The Kenite Jael murdered Sisera, from Newworldencyclopedia.org
Bible References: The story of the Kenites is scattered through several books in the Bible: Genesis 15:18-19; Numbers 24:22-23; Numbers 10:29-32; Judges 1:16; Judges 4:11-24; 1 Samuel 27:10 and 30:29.cxvbn
Heart of the Story: The Kenites was a non-Israelite loosely knit people. Some of their members aligned themselves with Israel while other actively opposed them. In turn, the Israelites allowed the allied Kenites to live in their lands and share in God’s bounty.
Story Line: The Kenites were a nomadic people who were both condemned and praised in the Bible. The first time the Kenites were mentioned (Genesis 15:18-19), God made a covenant with Abram giving him the land from the Nile River to the Euphrates River. The Kenites lived in this area given to Abram. When the Israelites made their final march north from the Sinai Peninsula to Jericho, the Moabites opposed them. The Moabite king hired a well-known seer, Balaam, to prophecy against the Israelites. When Balaam saw Kenites among the Moab coalition, he prophesied that although the Kenites made their home in rocky areas and felt secure, Assyria would take them captive (Numbers 24:22-23).
Some Kenites were strong supporters of the Israelites. Jethro, Moses’ father in law was a Kenite as was his son Hobab. After building the Tabernacle, the Israelites move northward to the Promised Land. Moses implored Hobab to be their scout. Hobab was familiar with the land the Israelites would pass through. He knew the best places to camp and where water was located in the desert areas. Moses promised that if Hobab came with them, the Israelites would share with him whatever the Lord gave them Apparently, Hobab and his family agreed to travel with the Israelites; Judges 1:16 recorded that descendants of Moses’ father–in-law traveled with Judah and lived with them in the Negev Desert near Arad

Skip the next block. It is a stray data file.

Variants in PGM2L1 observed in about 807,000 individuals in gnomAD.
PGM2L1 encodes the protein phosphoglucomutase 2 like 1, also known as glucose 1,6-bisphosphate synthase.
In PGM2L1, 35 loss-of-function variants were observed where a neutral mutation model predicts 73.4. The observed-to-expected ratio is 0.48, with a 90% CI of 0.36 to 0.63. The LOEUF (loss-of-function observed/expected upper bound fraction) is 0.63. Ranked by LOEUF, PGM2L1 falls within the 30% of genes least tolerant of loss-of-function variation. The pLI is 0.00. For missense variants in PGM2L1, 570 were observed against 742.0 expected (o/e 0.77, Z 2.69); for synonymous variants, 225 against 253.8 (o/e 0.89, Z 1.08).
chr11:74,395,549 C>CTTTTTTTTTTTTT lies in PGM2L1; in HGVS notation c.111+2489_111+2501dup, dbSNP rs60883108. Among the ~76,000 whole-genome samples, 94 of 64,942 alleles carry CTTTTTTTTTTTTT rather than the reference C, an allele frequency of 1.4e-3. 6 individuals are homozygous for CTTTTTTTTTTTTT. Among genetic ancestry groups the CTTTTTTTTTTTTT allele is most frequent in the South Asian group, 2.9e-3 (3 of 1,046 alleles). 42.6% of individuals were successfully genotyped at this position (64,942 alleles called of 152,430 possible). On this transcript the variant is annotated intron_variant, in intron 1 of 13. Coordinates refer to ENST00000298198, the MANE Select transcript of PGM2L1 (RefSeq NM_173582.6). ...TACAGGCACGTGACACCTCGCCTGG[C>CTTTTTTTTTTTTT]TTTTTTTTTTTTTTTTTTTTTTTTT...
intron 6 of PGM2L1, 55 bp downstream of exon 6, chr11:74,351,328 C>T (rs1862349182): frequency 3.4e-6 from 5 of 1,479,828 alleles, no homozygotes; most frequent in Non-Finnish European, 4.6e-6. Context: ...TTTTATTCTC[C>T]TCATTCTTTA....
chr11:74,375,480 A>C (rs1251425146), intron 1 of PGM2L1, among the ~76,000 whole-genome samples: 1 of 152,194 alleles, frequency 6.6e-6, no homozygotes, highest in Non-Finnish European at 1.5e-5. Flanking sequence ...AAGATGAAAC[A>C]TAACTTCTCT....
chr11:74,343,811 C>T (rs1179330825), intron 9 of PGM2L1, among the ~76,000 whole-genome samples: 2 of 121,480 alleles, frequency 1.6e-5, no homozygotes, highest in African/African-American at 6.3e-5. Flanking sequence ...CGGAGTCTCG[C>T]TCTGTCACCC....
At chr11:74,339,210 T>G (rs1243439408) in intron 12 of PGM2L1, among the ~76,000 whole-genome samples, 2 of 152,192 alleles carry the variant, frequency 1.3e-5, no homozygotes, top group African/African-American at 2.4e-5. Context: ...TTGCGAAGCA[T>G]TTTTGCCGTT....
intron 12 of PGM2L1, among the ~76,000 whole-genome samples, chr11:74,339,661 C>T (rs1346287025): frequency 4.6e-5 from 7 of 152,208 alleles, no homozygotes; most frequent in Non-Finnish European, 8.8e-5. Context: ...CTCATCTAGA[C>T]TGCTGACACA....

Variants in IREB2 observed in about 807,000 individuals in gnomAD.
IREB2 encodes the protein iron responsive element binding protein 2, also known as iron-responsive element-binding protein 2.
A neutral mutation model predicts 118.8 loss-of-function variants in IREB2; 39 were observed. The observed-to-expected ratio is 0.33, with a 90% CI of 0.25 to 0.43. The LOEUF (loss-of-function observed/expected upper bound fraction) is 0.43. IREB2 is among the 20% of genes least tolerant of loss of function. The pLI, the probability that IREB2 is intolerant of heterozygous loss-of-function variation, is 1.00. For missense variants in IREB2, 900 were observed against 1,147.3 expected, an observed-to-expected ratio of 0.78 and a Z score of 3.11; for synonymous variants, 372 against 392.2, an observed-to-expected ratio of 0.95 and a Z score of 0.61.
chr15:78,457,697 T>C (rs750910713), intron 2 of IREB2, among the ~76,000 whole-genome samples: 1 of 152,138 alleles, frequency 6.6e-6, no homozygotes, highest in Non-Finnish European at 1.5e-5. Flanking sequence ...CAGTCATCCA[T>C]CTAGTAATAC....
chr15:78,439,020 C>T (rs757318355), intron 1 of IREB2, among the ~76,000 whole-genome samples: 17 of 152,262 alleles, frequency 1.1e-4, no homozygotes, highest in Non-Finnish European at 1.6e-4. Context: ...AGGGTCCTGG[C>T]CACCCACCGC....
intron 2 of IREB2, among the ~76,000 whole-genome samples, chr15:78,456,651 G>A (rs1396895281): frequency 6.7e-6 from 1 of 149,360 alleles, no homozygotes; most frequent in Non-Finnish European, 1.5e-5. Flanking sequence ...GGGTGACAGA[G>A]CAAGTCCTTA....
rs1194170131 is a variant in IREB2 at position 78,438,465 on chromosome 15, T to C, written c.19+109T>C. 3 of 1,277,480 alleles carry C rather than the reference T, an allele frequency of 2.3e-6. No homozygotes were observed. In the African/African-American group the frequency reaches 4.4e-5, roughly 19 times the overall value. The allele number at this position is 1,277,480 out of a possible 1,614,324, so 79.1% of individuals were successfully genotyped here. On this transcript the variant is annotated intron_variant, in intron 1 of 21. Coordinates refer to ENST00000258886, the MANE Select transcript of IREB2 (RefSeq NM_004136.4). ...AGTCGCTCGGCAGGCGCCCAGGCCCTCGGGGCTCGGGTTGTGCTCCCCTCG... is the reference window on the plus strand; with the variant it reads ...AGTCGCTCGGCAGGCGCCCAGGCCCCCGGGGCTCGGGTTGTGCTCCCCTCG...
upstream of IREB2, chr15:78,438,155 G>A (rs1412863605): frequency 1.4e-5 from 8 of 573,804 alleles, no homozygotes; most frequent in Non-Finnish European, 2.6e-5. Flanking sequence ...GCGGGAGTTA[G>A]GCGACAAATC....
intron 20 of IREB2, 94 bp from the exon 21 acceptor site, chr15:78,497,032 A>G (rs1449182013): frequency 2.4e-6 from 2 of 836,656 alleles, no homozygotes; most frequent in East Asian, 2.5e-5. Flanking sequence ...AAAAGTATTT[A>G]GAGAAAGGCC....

About 200 years after the Israelites entered the Promised Land, the Kenite Heber left the Arad area and moved to the hill country of Naphtali. The Kenites were metal workers. Heber worked for King Jabin of Hazor and helped build the 900 chariots in Jabin’s army. With the assistance of these chariots, Sisera, Jabin was commander, oppressed the Israelites for 20 years.God raised the judge Deborah to the Israelites from Jabin’s cruelty. When the Israelite army routed Sisera’s army, he fled to Heber’s camp. Heber wasn’t home; however, his wife Jael went out to meet Sisera. She invited him to rest in her tent where Sisera drank milk and fell into an exhausted sleep. Jael killed Sisera by driving a tent peg through his temple.
The Israelites kept the promise that Moses made of peace and mutual aid to the Kenites. Early in King Saul’s reign, God ordered him to destroy the Amalekites (1 Samuel 15:1-6). Both the Amalekites and Kenites lived in the southern Negev Desert. King Saul warned the Kenites to leave the land so Israelites would not kill them along with the Amalekites. The reason that Saul gave for sparing the Kenites was because they showed kindness to the Israelites when they came up out of Egypt.
When David was on the run from King Saul, he became a Philistine vassal. David told the Philistines that he was attacking Judah and the Kenites in southern Israel. In reality David raided Judah’s enemies and sent gifts from his spoils to both Judah and the Kenites. David saw the Kenites as allies of Judah.
Conclusion: Just as the tribe of Kenite had disparate members – those who supported and those who opposed God’s people—so extended families today are composed of individuals who follow and those who are indifferent to God. The story of the Kenite Heber and his wife Jael demonstrate that even in immediate families, one member may worship God and another actively oppose him.
Reflection: Being from a Christian family or clan does not ensure a right relationship with God. Each individual must make a personal decision to follow God.
Copyright: Carolyn A. Roth 3/14.